Registration required for Vimy Ridge 100th anniversary ceremony in France

Veterans Affairs Canada says security concerns in France have led to a mandatory registration requirement for people who want to attend the Battle of Vimy Ridge centenary ceremony.

Deadline is Feb. 28 to register for April commemoration of First World War battle

The Battle of Vimy ridge began in the early morning hours on April 9, 1917. People hoping to attend the upcoming 100th anniversary celebrations in northern France will need to register on a government site because of security concerns. (Michel Spingler/Associated Press)

Veterans Affairs Canada says security concerns in France have led to a mandatory registration requirement for people who want to attend the Vimy centenary ceremony.

People who want to attend the ceremonies at the Canadian National Vimy Memorial in northern France will have to register with their full name, date of birth, place of birth, nationality and email address on the Veterans Affairs Canada website.

The deadline for registration is Feb. 28.

The Battle of Vimy Ridge began on April 9, 1917, and lasted four days. Canadian soldiers took the ridge but the effort came with significant losses — 3,600 Canadian soldiers died and 7,000 were wounded. 

Peter Mills, special adviser for the 2017 Events Commemorative Task Force, says security concerns in France prompted the measure.

"There's a security threat level in France that has been assessed that requires significant planning around any major public event," Mills said in an interview with CBC News.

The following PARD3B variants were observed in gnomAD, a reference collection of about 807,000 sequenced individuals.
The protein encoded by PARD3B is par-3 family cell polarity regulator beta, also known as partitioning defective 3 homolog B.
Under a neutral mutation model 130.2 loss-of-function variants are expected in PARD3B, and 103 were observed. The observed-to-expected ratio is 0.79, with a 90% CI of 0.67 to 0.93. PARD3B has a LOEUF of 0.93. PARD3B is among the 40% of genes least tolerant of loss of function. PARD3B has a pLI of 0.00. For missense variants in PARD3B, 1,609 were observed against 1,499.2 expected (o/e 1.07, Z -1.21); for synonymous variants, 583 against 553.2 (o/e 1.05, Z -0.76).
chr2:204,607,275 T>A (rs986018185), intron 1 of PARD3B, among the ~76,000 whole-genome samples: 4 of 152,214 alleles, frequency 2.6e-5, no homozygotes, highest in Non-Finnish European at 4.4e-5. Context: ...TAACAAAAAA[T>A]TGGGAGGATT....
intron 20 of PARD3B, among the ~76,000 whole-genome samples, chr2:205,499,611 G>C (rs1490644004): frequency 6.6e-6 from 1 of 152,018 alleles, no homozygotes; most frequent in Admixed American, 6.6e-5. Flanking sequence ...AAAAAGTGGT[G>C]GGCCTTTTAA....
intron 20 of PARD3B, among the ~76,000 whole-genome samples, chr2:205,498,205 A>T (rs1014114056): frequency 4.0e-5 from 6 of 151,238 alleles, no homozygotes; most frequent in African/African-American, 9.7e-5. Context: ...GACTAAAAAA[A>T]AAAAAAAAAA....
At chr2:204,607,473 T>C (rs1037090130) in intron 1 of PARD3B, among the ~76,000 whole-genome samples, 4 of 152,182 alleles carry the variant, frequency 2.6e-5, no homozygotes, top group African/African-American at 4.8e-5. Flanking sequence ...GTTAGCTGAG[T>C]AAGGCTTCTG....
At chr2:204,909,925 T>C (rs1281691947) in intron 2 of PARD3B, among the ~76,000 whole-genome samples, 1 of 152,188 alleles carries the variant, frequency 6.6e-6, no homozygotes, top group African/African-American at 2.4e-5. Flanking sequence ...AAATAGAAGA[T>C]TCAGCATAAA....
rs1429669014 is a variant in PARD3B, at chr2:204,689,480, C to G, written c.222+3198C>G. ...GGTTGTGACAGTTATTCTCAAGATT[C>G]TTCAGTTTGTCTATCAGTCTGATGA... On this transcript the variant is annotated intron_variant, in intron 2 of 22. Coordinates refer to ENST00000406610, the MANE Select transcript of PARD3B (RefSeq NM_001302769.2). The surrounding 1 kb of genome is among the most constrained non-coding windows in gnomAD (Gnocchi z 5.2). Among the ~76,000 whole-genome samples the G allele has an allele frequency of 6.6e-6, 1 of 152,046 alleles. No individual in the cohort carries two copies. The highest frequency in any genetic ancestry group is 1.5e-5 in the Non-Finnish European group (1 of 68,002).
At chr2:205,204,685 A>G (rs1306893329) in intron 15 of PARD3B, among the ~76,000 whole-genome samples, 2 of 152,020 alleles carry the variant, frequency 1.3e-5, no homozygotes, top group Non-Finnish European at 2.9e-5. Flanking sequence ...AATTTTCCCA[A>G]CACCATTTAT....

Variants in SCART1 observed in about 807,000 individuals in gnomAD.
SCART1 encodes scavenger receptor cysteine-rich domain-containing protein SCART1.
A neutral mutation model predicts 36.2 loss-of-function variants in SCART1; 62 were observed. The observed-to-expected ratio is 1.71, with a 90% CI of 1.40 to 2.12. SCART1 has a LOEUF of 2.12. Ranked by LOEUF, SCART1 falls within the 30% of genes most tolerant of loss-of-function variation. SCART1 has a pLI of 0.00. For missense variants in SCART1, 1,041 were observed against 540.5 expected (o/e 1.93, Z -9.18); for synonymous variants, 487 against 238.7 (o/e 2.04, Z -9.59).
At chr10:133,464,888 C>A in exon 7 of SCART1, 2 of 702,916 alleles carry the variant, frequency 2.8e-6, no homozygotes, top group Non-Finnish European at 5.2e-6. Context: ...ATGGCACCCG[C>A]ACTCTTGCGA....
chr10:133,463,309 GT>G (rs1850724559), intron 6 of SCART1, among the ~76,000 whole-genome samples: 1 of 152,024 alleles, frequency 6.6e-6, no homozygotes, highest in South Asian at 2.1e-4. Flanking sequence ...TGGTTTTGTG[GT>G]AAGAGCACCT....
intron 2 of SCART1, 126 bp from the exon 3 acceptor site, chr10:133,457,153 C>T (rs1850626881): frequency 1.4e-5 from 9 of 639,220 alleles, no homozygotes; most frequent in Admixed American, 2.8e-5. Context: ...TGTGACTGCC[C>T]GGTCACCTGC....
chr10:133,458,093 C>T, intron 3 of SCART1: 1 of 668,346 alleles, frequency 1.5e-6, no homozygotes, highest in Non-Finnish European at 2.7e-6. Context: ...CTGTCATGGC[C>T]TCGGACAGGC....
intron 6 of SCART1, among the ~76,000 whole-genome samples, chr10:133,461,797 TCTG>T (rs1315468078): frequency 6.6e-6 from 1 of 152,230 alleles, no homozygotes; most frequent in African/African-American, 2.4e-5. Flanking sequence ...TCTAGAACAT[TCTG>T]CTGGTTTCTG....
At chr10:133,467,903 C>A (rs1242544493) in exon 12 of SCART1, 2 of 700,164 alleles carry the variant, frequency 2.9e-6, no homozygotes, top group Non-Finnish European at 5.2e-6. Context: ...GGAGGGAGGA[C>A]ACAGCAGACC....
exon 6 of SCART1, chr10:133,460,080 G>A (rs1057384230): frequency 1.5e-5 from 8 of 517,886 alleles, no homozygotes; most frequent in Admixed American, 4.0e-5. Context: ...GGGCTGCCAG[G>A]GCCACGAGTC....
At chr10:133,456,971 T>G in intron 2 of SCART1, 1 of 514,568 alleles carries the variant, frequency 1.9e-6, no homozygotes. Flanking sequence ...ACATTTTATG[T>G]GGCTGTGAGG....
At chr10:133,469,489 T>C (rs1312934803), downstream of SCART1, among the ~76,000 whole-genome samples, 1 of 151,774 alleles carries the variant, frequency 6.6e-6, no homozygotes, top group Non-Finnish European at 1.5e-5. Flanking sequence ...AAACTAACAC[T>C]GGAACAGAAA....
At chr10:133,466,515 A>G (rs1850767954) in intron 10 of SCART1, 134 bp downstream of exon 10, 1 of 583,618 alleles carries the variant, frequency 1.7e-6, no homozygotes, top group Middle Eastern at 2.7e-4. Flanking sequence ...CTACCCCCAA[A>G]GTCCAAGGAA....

France has been under a state of emergency since the November 2015 attacks Paris. It was extended to cover the Euro Cup soccer tournament last year, again after an attack in Nice, and again into 2017 to cover the upcoming national elections.

Registration was also required for the commemoration of the Battle of Beaumont-Hamel in France and a joint British-French event marking the 100th anniversary of the Battle of the Somme, which happened last year. 

Mills said the ceremony will honour the significance of Canada's role in the Battle of Vimy Ridge and the First World War more broadly — as well as the role the battle played in shaping Canada's identity.

"There will also be a focus on thinking about the loss and cost for those who stayed behind on the homefront and the effect of a war who drew people from coast to coast to coast overseas."

Planning and precaution

Veterans Affairs is expecting 25,000 people to attend the event, which will include performances, delegations from the Canadian and French governments and other VIPs.

There is no cap on attendance for the ceremony, but registration is being used to co-ordinate logistics, including transportation to the site on April 9.

"If someone doesn't register, unfortunately, they aren't going to be able to attend," Mill said.

The Vimy monument lists the names of Canadian soldiers who died in France and whose remains were never found. (Racheal McCaig Photography)

"They'll receive an e-ticket and they'll need to bring their ticket with them when they come to the point of arrivals and take their transport onto the site."

Mills said the French government will be controlling access to the site and attendees will be screened in advance.

"Canadians are vetted under a Canadian process and French nationals are vetted under a French process," he said.

Mills said registration opened this week and response has been quick, with thousands of people visiting the site.

"Unfortunately, we don't have any sort of means to identify all of those would have had ancestors [who fought at Vimy], but we are getting out proactively to reach out to people," Mills said.

Restrictions around site

Access to the Canadian National Vimy Memorial will be restricted from April 1 to April 10, 2017, for set up and takedown related to the centennial events.

The site will be closed to the general public from April 6 to 9. 

Mills said Canadian who can't make the trip to France can attend several local Vimy commemoration ceremonies across the country and a national event in Ottawa.

He said similar registration will likely be required for the 75th anniversary of the Battle of Dieppe and is under consideration for the centenary ceremony for the Battle of Paeschendaele, in Belgium, also taking place this year.